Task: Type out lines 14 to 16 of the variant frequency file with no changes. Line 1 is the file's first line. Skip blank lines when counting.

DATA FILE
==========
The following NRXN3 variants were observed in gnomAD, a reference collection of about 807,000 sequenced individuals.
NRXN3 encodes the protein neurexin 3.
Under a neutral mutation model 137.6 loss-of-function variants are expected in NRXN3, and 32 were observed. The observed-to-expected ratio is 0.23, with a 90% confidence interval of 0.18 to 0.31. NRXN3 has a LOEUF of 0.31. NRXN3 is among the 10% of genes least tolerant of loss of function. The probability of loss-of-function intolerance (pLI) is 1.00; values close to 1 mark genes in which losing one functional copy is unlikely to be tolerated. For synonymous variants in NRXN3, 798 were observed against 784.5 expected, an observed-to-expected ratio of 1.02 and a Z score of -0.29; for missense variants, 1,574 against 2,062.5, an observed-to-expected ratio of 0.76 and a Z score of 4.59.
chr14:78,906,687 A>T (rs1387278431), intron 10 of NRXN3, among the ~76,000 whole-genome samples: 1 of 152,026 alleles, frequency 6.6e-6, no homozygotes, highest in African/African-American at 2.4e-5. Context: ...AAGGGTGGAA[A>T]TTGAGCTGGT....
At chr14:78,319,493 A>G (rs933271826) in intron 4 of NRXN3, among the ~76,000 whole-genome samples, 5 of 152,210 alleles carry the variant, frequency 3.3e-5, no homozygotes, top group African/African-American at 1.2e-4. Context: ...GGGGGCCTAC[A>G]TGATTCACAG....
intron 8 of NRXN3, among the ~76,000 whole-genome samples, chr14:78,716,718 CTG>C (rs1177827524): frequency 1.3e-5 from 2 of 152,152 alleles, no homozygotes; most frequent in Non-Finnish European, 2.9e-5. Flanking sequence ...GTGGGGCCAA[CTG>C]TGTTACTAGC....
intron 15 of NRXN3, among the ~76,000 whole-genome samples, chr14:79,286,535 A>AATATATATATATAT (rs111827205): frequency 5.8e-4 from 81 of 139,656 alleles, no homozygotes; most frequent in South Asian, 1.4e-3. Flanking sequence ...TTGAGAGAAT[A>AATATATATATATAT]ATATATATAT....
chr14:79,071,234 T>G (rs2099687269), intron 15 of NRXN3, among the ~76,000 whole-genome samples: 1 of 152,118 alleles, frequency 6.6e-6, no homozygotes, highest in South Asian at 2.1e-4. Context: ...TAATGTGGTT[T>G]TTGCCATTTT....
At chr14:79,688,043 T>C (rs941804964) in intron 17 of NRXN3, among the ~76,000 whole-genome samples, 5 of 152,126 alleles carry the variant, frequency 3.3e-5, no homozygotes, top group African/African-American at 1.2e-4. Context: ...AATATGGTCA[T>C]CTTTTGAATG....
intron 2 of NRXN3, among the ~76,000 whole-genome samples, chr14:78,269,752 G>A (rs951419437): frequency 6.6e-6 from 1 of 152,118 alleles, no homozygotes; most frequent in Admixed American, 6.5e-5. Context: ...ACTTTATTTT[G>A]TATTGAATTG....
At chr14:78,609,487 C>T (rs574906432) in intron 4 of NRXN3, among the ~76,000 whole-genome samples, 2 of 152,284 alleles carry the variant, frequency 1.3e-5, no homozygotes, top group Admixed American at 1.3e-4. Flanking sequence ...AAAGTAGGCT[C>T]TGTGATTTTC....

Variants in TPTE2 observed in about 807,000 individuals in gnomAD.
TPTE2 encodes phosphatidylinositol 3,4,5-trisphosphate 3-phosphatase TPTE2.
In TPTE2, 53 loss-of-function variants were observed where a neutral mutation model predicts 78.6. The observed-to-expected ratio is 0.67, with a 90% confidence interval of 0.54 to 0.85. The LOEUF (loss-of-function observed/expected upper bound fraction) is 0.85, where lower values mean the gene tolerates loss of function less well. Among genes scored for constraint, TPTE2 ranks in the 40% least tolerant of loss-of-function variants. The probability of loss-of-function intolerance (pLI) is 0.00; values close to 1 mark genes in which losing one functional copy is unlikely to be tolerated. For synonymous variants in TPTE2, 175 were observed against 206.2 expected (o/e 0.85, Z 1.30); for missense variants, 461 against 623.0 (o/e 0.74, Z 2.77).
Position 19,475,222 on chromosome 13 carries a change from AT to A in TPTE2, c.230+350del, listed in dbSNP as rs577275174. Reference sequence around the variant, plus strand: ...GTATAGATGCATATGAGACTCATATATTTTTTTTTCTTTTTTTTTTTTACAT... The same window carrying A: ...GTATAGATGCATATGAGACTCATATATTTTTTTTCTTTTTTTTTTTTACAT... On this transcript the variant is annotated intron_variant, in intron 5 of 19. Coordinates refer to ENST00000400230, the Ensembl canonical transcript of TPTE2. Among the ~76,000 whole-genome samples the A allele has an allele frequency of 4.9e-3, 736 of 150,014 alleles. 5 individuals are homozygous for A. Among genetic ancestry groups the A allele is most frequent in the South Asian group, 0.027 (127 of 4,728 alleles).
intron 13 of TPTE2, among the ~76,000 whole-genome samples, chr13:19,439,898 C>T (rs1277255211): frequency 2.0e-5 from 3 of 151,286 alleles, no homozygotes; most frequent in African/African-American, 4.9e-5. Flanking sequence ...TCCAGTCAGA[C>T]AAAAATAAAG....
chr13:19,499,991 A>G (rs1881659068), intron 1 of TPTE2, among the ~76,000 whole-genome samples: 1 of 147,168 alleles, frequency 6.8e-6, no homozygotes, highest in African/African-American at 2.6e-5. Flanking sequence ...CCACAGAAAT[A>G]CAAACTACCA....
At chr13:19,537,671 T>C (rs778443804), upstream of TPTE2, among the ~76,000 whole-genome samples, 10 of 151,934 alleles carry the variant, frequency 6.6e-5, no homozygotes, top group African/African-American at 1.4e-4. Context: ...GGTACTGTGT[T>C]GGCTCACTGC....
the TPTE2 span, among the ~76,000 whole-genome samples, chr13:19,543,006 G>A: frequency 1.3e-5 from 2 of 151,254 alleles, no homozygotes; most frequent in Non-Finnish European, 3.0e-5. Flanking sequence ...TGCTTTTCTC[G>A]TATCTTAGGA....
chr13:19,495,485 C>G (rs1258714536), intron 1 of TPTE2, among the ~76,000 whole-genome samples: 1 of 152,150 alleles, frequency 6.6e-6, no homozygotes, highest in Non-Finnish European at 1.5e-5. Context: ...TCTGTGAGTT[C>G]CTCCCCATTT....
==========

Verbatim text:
In TPTE2, 53 loss-of-function variants were observed where a neutral mutation model predicts 78.6. The observed-to-expected ratio is 0.67, with a 90% confidence interval of 0.54 to 0.85. The LOEUF (loss-of-function observed/expected upper bound fraction) is 0.85, where lower values mean the gene tolerates loss of function less well. Among genes scored for constraint, TPTE2 ranks in the 40% least tolerant of loss-of-function variants. The probability of loss-of-function intolerance (pLI) is 0.00; values close to 1 mark genes in which losing one functional copy is unlikely to be tolerated. For synonymous variants in TPTE2, 175 were observed against 206.2 expected (o/e 0.85, Z 1.30); for missense variants, 461 against 623.0 (o/e 0.74, Z 2.77).
Position 19,475,222 on chromosome 13 carries a change from AT to A in TPTE2, c.230+350del, listed in dbSNP as rs577275174. Reference sequence around the variant, plus strand: ...GTATAGATGCATATGAGACTCATATATTTTTTTTTCTTTTTTTTTTTTACAT... The same window carrying A: ...GTATAGATGCATATGAGACTCATATATTTTTTTTCTTTTTTTTTTTTACAT... On this transcript the variant is annotated intron_variant, in intron 5 of 19. Coordinates refer to ENST00000400230, the Ensembl canonical transcript of TPTE2. Among the ~76,000 whole-genome samples the A allele has an allele frequency of 4.9e-3, 736 of 150,014 alleles. 5 individuals are homozygous for A. Among genetic ancestry groups the A allele is most frequent in the South Asian group, 0.027 (127 of 4,728 alleles).
intron 13 of TPTE2, among the ~76,000 whole-genome samples, chr13:19,439,898 C>T (rs1277255211): frequency 2.0e-5 from 3 of 151,286 alleles, no homozygotes; most frequent in African/African-American, 4.9e-5. Flanking sequence ...TCCAGTCAGA[C>T]AAAAATAAAG....